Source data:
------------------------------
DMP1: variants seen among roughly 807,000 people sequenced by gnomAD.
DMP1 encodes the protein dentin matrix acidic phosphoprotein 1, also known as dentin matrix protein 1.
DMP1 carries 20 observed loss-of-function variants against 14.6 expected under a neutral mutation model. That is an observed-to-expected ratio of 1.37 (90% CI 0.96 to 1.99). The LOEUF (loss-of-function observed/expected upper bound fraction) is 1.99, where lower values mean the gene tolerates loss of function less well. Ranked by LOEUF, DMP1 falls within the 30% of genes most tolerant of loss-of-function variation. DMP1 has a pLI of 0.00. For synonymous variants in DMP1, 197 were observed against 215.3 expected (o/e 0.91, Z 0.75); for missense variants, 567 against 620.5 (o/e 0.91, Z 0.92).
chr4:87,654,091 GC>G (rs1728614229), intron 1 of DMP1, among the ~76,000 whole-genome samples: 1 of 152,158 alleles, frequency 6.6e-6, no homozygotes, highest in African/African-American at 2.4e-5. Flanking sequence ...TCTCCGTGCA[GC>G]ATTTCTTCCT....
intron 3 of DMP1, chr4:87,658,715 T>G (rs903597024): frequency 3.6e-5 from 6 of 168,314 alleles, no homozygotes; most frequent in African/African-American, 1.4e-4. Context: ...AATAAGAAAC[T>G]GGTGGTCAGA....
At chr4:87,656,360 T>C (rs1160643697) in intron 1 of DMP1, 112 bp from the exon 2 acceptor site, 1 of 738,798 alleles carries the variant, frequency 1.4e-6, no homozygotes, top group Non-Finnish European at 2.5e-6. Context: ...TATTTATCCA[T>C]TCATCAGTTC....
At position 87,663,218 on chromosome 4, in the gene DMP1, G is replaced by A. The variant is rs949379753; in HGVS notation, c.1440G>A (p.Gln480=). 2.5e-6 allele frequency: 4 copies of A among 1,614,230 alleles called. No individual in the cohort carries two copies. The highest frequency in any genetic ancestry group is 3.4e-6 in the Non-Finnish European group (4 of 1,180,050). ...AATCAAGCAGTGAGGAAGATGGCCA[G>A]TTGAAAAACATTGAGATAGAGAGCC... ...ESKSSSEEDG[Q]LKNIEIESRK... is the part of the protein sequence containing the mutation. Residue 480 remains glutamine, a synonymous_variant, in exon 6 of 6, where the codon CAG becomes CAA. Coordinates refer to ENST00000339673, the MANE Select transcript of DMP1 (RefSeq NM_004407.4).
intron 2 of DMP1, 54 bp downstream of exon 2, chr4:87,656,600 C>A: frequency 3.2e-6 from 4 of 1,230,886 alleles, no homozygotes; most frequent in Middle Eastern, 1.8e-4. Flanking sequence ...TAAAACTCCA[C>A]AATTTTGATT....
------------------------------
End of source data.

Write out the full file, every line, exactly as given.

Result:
DMP1: variants seen among roughly 807,000 people sequenced by gnomAD.
DMP1 encodes the protein dentin matrix acidic phosphoprotein 1, also known as dentin matrix protein 1.
DMP1 carries 20 observed loss-of-function variants against 14.6 expected under a neutral mutation model. That is an observed-to-expected ratio of 1.37 (90% CI 0.96 to 1.99). The LOEUF (loss-of-function observed/expected upper bound fraction) is 1.99, where lower values mean the gene tolerates loss of function less well. Ranked by LOEUF, DMP1 falls within the 30% of genes most tolerant of loss-of-function variation. DMP1 has a pLI of 0.00. For synonymous variants in DMP1, 197 were observed against 215.3 expected (o/e 0.91, Z 0.75); for missense variants, 567 against 620.5 (o/e 0.91, Z 0.92).
chr4:87,654,091 GC>G (rs1728614229), intron 1 of DMP1, among the ~76,000 whole-genome samples: 1 of 152,158 alleles, frequency 6.6e-6, no homozygotes, highest in African/African-American at 2.4e-5. Flanking sequence ...TCTCCGTGCA[GC>G]ATTTCTTCCT....
intron 3 of DMP1, chr4:87,658,715 T>G (rs903597024): frequency 3.6e-5 from 6 of 168,314 alleles, no homozygotes; most frequent in African/African-American, 1.4e-4. Context: ...AATAAGAAAC[T>G]GGTGGTCAGA....
At chr4:87,656,360 T>C (rs1160643697) in intron 1 of DMP1, 112 bp from the exon 2 acceptor site, 1 of 738,798 alleles carries the variant, frequency 1.4e-6, no homozygotes, top group Non-Finnish European at 2.5e-6. Context: ...TATTTATCCA[T>C]TCATCAGTTC....
At position 87,663,218 on chromosome 4, in the gene DMP1, G is replaced by A. The variant is rs949379753; in HGVS notation, c.1440G>A (p.Gln480=). 2.5e-6 allele frequency: 4 copies of A among 1,614,230 alleles called. No individual in the cohort carries two copies. The highest frequency in any genetic ancestry group is 3.4e-6 in the Non-Finnish European group (4 of 1,180,050). ...AATCAAGCAGTGAGGAAGATGGCCA[G>A]TTGAAAAACATTGAGATAGAGAGCC... ...ESKSSSEEDG[Q]LKNIEIESRK... is the part of the protein sequence containing the mutation. Residue 480 remains glutamine, a synonymous_variant, in exon 6 of 6, where the codon CAG becomes CAA. Coordinates refer to ENST00000339673, the MANE Select transcript of DMP1 (RefSeq NM_004407.4).
intron 2 of DMP1, 54 bp downstream of exon 2, chr4:87,656,600 C>A: frequency 3.2e-6 from 4 of 1,230,886 alleles, no homozygotes; most frequent in Middle Eastern, 1.8e-4. Flanking sequence ...TAAAACTCCA[C>A]AATTTTGATT....